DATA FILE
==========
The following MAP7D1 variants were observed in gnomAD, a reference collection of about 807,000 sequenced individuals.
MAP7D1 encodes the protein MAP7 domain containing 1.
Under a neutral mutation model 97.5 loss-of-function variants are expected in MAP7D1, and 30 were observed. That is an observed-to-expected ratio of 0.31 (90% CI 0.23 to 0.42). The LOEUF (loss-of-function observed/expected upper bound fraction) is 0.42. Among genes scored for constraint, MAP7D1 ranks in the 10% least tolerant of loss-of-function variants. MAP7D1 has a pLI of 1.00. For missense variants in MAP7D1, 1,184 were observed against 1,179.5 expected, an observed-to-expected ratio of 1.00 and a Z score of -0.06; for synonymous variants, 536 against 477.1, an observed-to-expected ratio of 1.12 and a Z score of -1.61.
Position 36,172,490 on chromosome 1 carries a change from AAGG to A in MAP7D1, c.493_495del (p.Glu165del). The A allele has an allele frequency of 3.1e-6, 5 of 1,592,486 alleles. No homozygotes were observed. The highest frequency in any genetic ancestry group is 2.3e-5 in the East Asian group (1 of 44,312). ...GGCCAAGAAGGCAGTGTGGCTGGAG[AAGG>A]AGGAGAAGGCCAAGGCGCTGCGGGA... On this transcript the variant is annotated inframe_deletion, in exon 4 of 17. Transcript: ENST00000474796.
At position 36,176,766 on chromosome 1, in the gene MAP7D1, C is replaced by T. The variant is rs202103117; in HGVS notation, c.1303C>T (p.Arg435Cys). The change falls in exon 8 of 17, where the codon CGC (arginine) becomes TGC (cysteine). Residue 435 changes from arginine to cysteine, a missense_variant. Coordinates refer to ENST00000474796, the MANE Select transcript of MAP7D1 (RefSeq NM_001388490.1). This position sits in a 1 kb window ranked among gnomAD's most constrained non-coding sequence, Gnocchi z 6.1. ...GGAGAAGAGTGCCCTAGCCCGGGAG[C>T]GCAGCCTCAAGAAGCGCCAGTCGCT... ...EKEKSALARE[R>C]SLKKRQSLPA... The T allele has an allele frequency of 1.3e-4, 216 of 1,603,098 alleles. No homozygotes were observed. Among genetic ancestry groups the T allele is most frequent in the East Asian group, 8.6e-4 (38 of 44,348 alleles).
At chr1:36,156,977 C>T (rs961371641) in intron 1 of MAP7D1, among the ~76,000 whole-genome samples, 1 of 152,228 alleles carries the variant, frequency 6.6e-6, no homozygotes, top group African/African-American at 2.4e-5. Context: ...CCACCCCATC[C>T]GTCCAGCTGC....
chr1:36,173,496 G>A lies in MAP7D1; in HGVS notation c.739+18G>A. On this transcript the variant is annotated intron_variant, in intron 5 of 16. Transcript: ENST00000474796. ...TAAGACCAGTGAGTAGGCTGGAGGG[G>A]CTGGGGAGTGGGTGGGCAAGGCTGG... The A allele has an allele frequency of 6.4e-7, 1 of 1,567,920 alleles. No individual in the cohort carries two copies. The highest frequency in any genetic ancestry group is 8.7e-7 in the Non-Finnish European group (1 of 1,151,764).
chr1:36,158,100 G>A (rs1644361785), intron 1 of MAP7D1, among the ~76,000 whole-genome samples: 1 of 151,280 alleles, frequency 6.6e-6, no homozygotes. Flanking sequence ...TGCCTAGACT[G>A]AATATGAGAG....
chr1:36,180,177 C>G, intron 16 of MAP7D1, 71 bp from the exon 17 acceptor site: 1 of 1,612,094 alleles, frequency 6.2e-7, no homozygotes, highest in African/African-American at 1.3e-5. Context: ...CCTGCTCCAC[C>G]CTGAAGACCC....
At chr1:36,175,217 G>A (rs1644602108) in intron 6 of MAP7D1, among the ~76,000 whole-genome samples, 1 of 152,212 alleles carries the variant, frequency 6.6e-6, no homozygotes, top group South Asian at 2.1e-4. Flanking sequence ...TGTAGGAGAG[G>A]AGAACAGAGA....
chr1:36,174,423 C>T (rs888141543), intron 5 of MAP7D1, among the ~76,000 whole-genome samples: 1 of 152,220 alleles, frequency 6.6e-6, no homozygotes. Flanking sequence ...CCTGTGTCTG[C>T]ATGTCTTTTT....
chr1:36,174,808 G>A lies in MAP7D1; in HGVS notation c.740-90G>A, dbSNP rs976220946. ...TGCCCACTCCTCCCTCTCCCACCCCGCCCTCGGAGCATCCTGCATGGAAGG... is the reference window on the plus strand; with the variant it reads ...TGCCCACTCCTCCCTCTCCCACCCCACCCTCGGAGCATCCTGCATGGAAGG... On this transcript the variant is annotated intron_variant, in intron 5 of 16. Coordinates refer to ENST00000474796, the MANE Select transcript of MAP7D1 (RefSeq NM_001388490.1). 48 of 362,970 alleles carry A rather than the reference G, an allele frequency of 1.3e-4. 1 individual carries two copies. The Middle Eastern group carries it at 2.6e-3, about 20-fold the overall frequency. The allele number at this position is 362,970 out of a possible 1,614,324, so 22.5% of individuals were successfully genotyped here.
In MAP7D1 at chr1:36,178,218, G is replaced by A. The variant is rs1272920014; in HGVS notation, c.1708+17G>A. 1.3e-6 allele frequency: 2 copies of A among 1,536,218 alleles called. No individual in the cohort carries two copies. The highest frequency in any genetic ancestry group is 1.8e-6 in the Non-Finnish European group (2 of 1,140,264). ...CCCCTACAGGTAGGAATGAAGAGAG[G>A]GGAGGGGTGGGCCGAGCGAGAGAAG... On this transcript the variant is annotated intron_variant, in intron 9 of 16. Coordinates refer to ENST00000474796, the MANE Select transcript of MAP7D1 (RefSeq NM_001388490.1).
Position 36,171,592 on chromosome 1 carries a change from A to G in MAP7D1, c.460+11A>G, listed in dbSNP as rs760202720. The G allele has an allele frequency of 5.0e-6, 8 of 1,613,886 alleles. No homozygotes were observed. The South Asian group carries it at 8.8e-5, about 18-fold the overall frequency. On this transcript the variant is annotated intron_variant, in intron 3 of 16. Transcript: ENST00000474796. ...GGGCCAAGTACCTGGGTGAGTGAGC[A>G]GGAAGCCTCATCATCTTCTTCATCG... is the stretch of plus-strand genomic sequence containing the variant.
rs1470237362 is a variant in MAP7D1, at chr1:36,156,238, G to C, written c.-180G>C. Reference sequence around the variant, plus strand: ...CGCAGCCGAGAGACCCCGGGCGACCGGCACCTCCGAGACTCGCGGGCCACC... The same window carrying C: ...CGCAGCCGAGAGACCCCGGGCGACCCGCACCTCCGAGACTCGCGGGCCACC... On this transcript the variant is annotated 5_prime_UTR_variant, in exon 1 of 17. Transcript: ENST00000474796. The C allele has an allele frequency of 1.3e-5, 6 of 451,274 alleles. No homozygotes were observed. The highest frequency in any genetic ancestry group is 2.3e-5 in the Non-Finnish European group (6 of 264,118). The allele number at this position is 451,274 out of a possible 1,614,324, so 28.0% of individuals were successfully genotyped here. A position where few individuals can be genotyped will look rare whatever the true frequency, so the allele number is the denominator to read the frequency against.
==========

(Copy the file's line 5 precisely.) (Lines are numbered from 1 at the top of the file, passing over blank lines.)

At position 36,176,766 on chromosome 1, in the gene MAP7D1, C is replaced by T. The variant is rs202103117; in HGVS notation, c.1303C>T (p.Arg435Cys). The change falls in exon 8 of 17, where the codon CGC (arginine) becomes TGC (cysteine). Residue 435 changes from arginine to cysteine, a missense_variant. Coordinates refer to ENST00000474796, the MANE Select transcript of MAP7D1 (RefSeq NM_001388490.1). This position sits in a 1 kb window ranked among gnomAD's most constrained non-coding sequence, Gnocchi z 6.1. ...GGAGAAGAGTGCCCTAGCCCGGGAG[C>T]GCAGCCTCAAGAAGCGCCAGTCGCT... ...EKEKSALARE[R>C]SLKKRQSLPA... The T allele has an allele frequency of 1.3e-4, 216 of 1,603,098 alleles. No homozygotes were observed. Among genetic ancestry groups the T allele is most frequent in the East Asian group, 8.6e-4 (38 of 44,348 alleles).